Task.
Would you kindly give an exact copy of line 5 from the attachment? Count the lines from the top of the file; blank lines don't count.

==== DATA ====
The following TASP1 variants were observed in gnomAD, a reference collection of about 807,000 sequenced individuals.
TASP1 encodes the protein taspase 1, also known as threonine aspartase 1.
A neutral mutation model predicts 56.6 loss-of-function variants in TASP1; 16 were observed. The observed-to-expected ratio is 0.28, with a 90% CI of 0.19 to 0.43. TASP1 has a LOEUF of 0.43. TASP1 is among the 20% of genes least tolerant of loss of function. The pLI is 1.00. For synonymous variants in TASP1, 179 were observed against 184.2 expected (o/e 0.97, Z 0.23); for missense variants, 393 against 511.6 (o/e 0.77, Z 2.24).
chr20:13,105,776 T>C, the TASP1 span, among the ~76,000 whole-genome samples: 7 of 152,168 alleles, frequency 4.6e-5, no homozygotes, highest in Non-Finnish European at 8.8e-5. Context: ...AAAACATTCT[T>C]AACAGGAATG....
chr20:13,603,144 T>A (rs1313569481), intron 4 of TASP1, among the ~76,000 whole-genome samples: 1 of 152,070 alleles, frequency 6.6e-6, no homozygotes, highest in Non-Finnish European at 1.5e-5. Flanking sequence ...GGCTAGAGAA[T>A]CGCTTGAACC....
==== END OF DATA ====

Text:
chr20:13,603,144 T>A (rs1313569481), intron 4 of TASP1, among the ~76,000 whole-genome samples: 1 of 152,070 alleles, frequency 6.6e-6, no homozygotes, highest in Non-Finnish European at 1.5e-5. Flanking sequence ...GGCTAGAGAA[T>A]CGCTTGAACC....